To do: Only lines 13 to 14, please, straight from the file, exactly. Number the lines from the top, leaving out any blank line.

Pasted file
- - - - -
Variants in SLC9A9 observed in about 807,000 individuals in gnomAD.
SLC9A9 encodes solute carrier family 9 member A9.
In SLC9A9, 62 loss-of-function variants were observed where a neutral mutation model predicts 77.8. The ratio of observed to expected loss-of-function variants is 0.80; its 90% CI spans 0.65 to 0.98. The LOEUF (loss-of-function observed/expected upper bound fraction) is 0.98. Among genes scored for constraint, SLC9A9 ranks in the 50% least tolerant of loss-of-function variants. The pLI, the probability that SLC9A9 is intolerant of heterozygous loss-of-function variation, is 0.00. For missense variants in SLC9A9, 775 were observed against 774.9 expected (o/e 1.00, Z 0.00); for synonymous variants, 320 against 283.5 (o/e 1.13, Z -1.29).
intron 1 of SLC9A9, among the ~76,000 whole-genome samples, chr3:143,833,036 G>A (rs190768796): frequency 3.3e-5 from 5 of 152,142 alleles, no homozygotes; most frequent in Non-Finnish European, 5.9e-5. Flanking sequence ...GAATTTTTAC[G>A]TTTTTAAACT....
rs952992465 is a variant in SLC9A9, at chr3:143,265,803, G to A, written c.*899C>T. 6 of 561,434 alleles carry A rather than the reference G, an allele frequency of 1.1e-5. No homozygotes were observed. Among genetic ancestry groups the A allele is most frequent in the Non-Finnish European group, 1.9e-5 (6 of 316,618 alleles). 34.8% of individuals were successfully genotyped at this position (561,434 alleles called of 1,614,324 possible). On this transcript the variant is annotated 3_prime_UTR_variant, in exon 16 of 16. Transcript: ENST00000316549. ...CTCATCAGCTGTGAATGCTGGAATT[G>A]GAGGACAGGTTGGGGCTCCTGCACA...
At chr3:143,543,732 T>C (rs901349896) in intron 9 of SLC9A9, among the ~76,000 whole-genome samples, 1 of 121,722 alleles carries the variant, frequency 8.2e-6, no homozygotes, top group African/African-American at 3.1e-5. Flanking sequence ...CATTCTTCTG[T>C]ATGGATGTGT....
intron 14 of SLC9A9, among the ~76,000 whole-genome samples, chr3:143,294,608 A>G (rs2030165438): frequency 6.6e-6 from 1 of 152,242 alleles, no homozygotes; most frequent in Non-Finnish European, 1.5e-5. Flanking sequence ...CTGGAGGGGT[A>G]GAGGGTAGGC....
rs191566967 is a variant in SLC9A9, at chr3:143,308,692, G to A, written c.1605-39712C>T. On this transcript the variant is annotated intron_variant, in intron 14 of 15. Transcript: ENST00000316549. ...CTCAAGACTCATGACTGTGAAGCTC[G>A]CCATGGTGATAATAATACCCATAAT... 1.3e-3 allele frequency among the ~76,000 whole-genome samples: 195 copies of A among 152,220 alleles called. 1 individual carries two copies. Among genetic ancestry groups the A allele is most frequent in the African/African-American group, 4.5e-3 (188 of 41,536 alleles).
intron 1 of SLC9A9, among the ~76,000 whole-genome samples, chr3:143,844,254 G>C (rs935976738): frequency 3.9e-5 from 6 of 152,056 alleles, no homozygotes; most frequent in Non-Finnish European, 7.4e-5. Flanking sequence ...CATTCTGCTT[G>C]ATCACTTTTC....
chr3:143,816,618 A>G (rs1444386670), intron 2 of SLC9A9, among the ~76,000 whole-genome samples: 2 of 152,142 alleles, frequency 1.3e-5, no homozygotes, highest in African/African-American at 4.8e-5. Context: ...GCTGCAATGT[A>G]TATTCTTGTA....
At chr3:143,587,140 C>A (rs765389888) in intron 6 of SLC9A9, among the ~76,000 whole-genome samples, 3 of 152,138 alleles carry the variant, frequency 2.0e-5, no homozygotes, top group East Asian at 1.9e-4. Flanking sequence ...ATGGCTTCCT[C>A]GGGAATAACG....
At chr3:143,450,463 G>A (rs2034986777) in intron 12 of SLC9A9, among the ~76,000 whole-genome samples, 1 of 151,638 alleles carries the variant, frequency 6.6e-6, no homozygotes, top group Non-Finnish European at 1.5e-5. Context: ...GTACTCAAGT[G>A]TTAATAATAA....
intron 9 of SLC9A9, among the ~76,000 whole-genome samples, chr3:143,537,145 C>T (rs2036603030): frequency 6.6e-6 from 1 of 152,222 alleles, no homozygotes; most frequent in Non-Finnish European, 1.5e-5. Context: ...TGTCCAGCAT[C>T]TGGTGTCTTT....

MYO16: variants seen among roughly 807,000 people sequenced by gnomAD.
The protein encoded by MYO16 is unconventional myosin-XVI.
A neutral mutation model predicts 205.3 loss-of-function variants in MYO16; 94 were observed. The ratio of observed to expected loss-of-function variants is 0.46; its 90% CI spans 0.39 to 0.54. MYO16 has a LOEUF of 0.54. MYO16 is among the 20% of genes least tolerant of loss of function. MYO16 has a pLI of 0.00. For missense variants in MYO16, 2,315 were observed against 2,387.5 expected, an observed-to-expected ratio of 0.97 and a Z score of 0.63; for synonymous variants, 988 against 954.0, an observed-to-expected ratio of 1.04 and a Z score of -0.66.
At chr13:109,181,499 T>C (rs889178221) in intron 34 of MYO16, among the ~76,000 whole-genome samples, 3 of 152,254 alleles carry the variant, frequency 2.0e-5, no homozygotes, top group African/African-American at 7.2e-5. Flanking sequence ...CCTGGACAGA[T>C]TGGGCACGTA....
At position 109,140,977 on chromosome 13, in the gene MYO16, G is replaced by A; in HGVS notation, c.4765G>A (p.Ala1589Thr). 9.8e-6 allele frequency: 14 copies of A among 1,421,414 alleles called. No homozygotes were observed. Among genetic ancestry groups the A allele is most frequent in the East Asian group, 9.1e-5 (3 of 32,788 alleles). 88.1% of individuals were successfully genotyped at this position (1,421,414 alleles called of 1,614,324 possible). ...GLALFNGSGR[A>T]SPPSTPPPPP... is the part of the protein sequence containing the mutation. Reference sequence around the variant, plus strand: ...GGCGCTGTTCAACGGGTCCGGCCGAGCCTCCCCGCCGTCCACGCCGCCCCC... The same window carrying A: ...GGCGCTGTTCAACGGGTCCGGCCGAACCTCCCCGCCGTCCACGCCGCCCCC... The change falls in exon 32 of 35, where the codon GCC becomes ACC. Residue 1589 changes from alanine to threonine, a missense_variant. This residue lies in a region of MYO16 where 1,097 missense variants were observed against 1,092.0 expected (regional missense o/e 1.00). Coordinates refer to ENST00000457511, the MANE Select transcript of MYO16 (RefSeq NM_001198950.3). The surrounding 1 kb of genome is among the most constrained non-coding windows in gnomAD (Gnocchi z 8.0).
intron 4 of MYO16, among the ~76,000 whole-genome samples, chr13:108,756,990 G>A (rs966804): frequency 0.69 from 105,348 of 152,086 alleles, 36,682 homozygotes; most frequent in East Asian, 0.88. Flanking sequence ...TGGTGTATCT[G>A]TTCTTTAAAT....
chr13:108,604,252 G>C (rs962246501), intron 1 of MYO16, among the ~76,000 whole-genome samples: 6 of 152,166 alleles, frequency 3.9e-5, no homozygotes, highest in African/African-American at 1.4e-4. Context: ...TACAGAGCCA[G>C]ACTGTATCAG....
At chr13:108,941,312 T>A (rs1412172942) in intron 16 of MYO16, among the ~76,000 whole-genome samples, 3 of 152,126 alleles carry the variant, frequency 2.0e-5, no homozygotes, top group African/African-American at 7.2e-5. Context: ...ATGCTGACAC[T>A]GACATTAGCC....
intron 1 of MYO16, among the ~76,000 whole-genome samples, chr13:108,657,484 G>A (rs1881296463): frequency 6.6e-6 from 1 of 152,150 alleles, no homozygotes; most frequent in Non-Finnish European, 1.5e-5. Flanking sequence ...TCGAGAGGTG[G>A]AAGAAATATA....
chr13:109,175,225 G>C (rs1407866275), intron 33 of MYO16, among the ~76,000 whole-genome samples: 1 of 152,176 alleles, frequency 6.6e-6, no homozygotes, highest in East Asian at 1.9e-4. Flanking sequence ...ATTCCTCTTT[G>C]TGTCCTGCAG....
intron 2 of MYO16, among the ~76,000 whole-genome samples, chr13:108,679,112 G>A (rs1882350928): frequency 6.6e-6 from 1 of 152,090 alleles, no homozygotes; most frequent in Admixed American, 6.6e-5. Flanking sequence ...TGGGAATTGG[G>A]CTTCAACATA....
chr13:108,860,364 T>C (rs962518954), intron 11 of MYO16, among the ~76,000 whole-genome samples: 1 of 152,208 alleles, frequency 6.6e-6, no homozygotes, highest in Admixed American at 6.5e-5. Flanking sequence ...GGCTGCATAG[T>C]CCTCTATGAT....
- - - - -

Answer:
intron 9 of SLC9A9, among the ~76,000 whole-genome samples, chr3:143,537,145 C>T (rs2036603030): frequency 6.6e-6 from 1 of 152,222 alleles, no homozygotes; most frequent in Non-Finnish European, 1.5e-5. Context: ...TGTCCAGCAT[C>T]TGGTGTCTTT....

MYO16: variants seen among roughly 807,000 people sequenced by gnomAD.